In the end, I don’t think the movie was just bad in terms of it being a movie. It was bad all around. It didn’t feel like the Star Wars I’ve grown to love and adore. In fact, it felt like a sleight against the Star Wars franchise. Before you tell me that the movie selling billions worldwide is proof that this is a good movie, let me tell you that you are wrong. Just because something is popular, doesn’t make it art. It doesn’t make it edifying. And it doesn’t make it true to its roots.

A Star Wars synopsis:

The Rebel Alliance stands up to the oppressive Empire with the help of the minority Jedi. They destroy the first Death Star. The Empire is stupid enough to make another. The Rebel Alliance destroy that one too. They destroy the hands of power in the Empire – Emperor Palpatine and Darth Vader. Then the Rebel Alliance rebuilds the galaxy. Lo and behold, at the start of The Force Awakens, we’re back where we were years ago: The New Republic is in hiding, working on special plans to destroy the oppressive First Order (Empire/Nazi Regime). A lone ‘slave’ girl is stuck on a desert planet ala Anakin Skywalker. She bumps into a lonely droid with vital information ala Princess Leia and R2D2. Then she crosses paths with a stormtrooper with a conscience– because apparently stormtroopers aren’t all clones now, some of them are people taken from their homes as children and turned into brainwashed slaves.

The girl and the guy grab the Falcon and fly off for adventures in space.

I’m just kidding. There’s more to it than that, but I don’t have the energy to write it all out. The movie’s plot drained me of the desire to talk about it. It’s overused, overhyped, and underwhelming. I could see cloned chunks of Episodes 1, 2, 3, 4, 5 and 6 throughout the whole mess.

And then the worst? Han Solo dies. Yeah. Felt like I got kicked in the nuts when that happened. Then, when I was trying to get off the floor, they kicked me in the ribs. Then they rolled me off an embankment and sent me down into a ravine filled with boiling acid.

Han_Solo_2That’s how I took Solo’s death. Don’t get me wrong – I was upset that he died. But I think I was moreso upset in how he died and why. One of the most iconic characters in the whole Star Wars universe, and they kill him by making him stupid. Look, I understand that Han was trying to save his son – the badass Kylo Ren. I’m actually from the camp that doesn’t think Kylo was a whiny baby. You have to understand the effects of the Force in order to understand that he was struggling with the dark side, which in turn heightened his anger and frustration and rage – hence, his temper tantrums.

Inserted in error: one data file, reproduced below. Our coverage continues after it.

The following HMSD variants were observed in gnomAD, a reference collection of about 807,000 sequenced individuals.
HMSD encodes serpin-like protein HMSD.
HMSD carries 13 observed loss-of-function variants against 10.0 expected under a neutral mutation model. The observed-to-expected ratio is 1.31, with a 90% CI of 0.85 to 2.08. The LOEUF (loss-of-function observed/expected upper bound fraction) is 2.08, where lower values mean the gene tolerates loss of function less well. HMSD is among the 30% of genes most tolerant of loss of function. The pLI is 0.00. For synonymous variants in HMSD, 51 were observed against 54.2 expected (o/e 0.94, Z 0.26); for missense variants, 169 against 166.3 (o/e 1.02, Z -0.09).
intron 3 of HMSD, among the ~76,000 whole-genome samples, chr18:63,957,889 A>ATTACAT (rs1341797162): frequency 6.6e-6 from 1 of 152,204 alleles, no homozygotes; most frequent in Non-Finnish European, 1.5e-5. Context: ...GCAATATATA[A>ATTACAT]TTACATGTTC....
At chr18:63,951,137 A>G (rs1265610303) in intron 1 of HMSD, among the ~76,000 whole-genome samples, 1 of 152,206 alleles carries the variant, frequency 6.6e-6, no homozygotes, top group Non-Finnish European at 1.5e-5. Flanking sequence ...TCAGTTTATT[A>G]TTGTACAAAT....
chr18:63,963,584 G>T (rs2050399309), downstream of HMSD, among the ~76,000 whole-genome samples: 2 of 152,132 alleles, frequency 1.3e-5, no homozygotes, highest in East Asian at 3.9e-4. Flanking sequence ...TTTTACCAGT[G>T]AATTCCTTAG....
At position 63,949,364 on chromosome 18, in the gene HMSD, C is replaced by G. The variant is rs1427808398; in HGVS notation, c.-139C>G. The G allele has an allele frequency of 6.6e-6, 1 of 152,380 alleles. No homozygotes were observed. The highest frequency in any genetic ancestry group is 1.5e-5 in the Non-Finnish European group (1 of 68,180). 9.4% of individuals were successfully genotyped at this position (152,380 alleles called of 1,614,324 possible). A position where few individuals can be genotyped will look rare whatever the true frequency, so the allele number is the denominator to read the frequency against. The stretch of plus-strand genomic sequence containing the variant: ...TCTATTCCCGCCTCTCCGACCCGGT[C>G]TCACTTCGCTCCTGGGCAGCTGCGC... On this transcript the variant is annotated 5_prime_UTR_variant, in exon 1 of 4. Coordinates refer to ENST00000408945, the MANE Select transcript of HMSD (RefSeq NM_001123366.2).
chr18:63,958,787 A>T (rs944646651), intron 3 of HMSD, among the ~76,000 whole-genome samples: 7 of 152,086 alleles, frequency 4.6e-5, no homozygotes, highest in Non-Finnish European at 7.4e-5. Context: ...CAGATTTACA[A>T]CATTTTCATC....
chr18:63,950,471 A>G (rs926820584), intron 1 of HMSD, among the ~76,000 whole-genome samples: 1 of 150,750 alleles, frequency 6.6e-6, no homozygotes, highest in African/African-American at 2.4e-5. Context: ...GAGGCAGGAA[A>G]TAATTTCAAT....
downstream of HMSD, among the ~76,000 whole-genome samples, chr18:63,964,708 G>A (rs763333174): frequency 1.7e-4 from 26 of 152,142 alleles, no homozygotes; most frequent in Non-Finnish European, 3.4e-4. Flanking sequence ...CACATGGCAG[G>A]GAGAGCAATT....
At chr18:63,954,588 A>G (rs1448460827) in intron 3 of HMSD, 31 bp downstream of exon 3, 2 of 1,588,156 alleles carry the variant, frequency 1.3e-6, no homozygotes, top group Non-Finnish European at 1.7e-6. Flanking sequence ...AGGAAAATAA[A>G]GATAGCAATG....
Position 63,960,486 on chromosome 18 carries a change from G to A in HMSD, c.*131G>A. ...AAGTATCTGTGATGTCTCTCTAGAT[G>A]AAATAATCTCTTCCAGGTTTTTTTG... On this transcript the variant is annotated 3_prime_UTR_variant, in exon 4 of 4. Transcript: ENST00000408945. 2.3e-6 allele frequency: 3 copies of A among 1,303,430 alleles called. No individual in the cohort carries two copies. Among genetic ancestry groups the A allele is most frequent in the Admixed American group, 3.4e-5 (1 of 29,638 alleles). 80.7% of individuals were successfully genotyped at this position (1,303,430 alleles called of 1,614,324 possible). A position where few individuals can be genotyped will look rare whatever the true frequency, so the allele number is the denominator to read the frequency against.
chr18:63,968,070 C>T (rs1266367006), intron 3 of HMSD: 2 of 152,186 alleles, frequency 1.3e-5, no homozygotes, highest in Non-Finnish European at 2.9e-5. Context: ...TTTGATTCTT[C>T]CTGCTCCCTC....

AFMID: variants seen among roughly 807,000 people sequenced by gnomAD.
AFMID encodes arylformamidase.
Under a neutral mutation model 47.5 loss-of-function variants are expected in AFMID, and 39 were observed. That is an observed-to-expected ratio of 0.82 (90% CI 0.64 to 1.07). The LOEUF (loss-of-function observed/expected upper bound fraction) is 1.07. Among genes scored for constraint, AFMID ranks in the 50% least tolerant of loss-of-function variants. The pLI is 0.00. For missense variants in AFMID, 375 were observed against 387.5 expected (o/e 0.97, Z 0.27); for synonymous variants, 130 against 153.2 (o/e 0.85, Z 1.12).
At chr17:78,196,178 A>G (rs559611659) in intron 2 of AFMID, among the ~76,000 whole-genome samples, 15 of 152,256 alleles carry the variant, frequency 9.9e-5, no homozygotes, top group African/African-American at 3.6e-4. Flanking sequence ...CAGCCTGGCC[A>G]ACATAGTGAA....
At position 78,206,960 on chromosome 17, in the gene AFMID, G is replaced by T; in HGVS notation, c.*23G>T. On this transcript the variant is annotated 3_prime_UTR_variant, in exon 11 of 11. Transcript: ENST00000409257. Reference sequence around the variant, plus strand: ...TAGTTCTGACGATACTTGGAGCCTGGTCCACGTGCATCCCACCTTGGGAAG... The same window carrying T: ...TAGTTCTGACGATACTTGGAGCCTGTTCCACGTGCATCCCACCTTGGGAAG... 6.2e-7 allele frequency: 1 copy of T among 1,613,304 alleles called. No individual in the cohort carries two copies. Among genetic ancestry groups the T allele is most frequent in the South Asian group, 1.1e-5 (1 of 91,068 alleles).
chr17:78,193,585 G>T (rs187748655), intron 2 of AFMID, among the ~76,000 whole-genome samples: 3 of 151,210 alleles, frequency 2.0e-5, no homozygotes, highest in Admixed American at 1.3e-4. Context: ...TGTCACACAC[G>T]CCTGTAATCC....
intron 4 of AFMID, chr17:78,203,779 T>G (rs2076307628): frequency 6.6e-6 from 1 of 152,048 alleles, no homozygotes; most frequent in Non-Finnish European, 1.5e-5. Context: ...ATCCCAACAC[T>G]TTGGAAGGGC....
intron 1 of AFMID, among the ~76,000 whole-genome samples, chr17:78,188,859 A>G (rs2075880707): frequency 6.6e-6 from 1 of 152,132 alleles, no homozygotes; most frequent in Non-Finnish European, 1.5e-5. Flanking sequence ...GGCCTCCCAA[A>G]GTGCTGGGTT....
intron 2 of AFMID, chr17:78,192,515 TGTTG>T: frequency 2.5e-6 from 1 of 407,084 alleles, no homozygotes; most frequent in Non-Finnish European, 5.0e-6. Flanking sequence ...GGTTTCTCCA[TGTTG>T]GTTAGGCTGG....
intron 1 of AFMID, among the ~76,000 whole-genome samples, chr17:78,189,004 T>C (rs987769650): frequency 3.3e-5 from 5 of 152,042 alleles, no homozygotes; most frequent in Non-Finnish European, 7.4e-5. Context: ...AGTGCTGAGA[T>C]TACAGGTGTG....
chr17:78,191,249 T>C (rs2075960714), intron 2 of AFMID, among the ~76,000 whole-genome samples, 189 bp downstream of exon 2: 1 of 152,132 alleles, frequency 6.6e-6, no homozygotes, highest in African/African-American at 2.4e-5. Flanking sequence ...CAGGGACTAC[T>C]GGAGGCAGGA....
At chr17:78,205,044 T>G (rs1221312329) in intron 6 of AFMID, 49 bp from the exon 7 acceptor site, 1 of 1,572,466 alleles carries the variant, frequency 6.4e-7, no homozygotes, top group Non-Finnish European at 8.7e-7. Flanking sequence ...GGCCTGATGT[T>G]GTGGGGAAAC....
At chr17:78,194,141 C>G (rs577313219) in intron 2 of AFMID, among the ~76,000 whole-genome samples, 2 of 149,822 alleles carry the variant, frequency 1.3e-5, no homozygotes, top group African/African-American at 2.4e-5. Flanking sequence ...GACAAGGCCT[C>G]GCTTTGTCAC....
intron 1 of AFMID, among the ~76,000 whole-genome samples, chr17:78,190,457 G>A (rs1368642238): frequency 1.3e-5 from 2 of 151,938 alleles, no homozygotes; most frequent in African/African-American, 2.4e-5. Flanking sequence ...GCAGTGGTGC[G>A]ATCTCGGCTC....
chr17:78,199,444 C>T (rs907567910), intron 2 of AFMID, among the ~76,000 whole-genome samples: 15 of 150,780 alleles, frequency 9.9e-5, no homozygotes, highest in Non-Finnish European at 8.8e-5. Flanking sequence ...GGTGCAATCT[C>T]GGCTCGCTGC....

Anyway, Han walks across a catwalk – ala Luke Skywalker in The Empire Strikes Back – and faces his son with no weapon in hand, gullible as can be. Yeah, I get that he was trying to reach his son’s heart and save him by giving himself as a sacrifice. But that was dumb. Solo isn’t dumb. If any of you have read any of the books that have Solo in them, you would know that Solo wasn’t dumb. And that was dumb.

So then we have to wait through five minutes of Kylo Ren hesitating on killing his father. Then he gives in, stabs his father, and then sends him down into the bottomless pit of an exploding Death Star planet. Solo is dead. By someone he hasn’t had any on-screen interaction with until three minutes before he dies? Sorry, the feels I do not have, aside from watching a beloved character take one in the chest and then fall into a bottomless exploding pit.

I won’t even go into the reasons why it makes no sense at all why Han and Leia are separated, why Han is now back to smuggling, and why Han would allow the Millennium Falcon to get stolen. I really don’t know who that character Harrison Ford was playing throughout the movie was, but it surely wasn’t the Han Solo that I grew up with.

Of course, many critics will argue that Han had to die to setup the new Star Wars series. In fact, many argue that the whole movie was just setup. There are a million other ways they could have set up the new iteration of the Star Wars franchise, but they picked a handful of things that just made no sense if you know the Star Wars universe and canon.